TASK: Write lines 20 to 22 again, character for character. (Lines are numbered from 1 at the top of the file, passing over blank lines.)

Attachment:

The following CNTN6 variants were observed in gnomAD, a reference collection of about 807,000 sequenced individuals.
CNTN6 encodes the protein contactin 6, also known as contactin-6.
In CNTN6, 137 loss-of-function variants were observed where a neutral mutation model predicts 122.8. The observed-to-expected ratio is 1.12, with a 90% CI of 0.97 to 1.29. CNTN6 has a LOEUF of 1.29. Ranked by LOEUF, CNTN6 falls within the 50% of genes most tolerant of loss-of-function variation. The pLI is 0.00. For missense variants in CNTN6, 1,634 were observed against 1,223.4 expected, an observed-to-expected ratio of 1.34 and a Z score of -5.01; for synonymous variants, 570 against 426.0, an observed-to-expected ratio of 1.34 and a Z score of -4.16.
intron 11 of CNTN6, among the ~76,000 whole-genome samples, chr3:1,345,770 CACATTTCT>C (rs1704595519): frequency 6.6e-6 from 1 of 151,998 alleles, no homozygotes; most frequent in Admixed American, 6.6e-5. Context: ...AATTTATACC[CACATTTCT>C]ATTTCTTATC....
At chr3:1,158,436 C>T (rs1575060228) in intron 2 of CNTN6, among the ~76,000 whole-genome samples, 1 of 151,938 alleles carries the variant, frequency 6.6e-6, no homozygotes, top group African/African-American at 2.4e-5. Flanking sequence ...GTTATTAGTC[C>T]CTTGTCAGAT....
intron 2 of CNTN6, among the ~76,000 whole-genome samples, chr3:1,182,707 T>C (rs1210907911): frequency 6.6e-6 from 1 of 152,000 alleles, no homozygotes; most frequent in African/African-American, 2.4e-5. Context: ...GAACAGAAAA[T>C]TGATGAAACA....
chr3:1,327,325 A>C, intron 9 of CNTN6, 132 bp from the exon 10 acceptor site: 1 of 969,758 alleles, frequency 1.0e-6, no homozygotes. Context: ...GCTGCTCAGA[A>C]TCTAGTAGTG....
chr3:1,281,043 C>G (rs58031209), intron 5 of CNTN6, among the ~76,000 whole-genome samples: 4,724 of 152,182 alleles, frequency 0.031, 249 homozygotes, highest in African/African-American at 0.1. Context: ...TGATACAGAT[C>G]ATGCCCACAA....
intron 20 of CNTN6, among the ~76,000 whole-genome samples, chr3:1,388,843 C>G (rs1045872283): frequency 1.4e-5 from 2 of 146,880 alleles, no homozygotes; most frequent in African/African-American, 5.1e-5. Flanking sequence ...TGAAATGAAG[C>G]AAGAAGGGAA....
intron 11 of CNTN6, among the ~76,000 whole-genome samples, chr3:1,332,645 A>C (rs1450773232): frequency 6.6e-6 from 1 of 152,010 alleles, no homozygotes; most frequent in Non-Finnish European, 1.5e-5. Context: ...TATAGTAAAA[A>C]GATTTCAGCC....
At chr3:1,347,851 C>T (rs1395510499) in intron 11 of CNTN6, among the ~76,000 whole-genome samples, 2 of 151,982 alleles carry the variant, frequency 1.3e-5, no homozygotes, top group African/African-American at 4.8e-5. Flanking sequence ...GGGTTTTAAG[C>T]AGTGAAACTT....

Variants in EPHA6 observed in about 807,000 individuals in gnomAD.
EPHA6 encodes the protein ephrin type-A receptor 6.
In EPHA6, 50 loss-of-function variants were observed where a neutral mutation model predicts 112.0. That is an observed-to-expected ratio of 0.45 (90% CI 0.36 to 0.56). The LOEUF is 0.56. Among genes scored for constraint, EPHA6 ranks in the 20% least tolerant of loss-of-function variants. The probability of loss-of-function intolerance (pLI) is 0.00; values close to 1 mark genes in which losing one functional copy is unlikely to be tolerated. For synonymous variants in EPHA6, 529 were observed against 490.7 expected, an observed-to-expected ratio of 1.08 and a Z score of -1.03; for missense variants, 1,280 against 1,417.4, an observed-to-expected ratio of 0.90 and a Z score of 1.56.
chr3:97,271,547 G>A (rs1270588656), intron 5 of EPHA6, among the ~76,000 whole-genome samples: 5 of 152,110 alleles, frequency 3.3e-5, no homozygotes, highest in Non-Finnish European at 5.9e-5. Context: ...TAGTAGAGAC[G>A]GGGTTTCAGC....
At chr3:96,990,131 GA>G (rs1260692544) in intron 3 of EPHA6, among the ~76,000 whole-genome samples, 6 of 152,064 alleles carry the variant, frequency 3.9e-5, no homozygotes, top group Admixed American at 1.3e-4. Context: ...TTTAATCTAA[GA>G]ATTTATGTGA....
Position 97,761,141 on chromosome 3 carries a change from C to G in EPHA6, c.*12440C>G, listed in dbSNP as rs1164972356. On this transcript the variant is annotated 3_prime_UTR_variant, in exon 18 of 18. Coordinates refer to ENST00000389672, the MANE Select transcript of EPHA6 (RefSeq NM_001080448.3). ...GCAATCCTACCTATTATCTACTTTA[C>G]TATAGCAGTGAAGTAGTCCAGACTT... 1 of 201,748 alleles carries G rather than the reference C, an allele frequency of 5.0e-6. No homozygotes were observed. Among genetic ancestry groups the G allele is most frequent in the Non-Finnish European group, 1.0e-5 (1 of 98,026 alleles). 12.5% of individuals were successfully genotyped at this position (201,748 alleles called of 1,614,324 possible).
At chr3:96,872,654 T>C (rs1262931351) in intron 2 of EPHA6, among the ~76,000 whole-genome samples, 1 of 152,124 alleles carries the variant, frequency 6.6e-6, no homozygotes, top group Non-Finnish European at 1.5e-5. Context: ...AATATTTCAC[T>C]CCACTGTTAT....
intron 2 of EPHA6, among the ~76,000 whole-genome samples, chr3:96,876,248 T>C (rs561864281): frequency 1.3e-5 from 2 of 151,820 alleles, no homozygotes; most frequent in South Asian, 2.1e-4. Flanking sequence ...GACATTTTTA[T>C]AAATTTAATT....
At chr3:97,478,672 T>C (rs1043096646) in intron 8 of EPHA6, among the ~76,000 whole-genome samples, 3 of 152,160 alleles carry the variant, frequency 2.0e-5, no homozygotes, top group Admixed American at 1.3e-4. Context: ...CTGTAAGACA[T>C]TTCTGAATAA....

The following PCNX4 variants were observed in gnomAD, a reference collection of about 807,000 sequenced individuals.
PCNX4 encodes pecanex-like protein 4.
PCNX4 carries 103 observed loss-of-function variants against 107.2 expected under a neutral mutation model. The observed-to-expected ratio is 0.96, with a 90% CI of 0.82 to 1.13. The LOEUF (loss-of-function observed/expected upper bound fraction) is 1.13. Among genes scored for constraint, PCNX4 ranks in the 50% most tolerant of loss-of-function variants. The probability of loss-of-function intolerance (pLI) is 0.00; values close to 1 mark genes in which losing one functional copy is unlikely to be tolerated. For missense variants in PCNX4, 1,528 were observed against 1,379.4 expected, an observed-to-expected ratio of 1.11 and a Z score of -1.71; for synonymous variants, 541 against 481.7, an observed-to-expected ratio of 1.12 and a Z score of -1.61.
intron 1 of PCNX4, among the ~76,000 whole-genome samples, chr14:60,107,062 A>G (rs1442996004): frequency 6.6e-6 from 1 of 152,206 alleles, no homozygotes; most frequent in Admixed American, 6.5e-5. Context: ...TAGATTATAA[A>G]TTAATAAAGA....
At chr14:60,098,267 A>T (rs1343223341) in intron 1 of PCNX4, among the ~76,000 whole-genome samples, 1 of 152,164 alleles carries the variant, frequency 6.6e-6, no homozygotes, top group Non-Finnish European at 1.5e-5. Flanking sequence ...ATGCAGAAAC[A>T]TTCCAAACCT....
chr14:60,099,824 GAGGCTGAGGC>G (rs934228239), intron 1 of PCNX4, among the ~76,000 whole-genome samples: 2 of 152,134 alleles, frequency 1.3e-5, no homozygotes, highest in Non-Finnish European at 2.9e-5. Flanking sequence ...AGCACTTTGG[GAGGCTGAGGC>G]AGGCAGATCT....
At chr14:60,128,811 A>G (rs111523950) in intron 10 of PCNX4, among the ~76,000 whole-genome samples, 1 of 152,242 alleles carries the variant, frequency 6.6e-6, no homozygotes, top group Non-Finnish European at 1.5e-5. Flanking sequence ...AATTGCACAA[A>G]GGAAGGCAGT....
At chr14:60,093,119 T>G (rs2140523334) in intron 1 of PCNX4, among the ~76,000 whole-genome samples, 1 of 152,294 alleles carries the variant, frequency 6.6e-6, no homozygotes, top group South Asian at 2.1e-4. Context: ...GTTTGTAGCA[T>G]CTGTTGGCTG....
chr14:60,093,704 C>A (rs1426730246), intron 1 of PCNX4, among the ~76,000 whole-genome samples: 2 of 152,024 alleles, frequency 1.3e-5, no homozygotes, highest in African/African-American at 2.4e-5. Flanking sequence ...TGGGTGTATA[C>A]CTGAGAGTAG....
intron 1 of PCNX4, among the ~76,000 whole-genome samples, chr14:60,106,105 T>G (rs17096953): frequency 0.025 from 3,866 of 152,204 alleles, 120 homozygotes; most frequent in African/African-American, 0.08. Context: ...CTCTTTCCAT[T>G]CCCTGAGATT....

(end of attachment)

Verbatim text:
At chr3:97,478,672 T>C (rs1043096646) in intron 8 of EPHA6, among the ~76,000 whole-genome samples, 3 of 152,160 alleles carry the variant, frequency 2.0e-5, no homozygotes, top group Admixed American at 1.3e-4. Context: ...CTGTAAGACA[T>C]TTCTGAATAA....

The following PCNX4 variants were observed in gnomAD, a reference collection of about 807,000 sequenced individuals.
PCNX4 encodes pecanex-like protein 4.